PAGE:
As the American College of Medical Genetics and Genomics this week issued recommendations regarding the release to doctors and patients of incidental genetic findings from clinical sequencing studies, Caroline Wright at Genomes Unzipped questions whether the term "incidental" is appropriate for describing such findings in the first place.
"One of the things that has always bothered me about the [incidental findings] debate in genomics is the idea that these findings are ‘incidental’ at all – that we just can’t help but stumble upon significant variants while reading peoples’ genomes," Wright says. "In this fantasy world, researchers and clinicians who don’t share [incidental findings] with people must be hiding them somewhere, stowed away in a drawer marked ‘Confidential’."
Wright speculates that this perception is "partly a result of the frequent comparison with medical imaging, where radiologists really can’t help but see [incidental findings]. However, the situation in genomics is less like a spot-the-different picture and more like a well-worded Google search."
As an example, she notes that analyzing someone’s genome for a genetic predisposition to breast cancer "is unlikely to incidentally throw up the fact that they also have a dominant neurodegenerative disease – the mutations are in different locations and will not both be extracted by a computational search for either one of them."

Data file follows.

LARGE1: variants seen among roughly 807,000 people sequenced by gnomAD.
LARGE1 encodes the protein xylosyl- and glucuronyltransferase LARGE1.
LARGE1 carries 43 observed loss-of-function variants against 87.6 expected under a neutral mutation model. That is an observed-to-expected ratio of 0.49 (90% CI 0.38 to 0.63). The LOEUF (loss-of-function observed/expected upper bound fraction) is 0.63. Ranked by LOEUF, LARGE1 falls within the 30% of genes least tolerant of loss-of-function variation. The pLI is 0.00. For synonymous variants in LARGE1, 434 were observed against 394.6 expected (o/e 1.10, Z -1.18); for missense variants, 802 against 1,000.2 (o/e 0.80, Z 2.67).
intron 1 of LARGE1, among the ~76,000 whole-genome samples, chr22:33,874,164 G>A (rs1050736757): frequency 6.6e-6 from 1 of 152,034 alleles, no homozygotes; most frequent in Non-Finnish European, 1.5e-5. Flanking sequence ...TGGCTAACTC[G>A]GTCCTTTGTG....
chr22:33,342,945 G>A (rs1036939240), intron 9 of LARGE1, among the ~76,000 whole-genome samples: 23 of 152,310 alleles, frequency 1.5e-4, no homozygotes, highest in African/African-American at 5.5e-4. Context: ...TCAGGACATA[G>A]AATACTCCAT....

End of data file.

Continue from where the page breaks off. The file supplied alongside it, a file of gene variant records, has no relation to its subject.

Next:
Wright argues that "simply stumbling upon" clinically actionable incidental findings in a whole genome sequence is "highly unlikely" and notes that the real question should be whether researchers have an obligation to actively look for certain types of variants when conducting whole-exome or whole-genome sequencing.
She says that throwing away the “stumble strategy” would "allow disclosure of specific classes of variants to become an evidence-based decision rather than a process of random luck."
Meanwhile, the Nature News Blog reports that there has been some criticism about the ACMG's recommendations on incidental genetic findings being "too conservative."
ACMG acknowledges in a document outlining its recommendations that it sought to reach a compromise between "genetic libertarians who feel that patients have the right to full and complete accounting of all possible risks,” and "genetic empiricists who believe that there is insufficient evidence about the penetrance of most pathogenic variants in the general population to warrant the sharing of any incidental findings."
Gholson Lyon of Cold Spring Harbor Laboratory tells the Nature News Blog that the recommendations are “biased heavily” in favor of the empiricists and could limit the ability of researchers to analyze clinical genomes for research.
On the other end of the spectrum, Nancy Spinner, chief of the division of genomic diagnostics at the Children’s Hospital of Philadelphia, tells the blog that her team actually takes "a little more of a conservative approach” than the ACMG recommends.
ACMG says that its recommendations "should, and will, evolve, as further empirical data are collected on the actual penetrance of these variants, and on the health benefits and costs that might follow from their disclosure as incidental findings."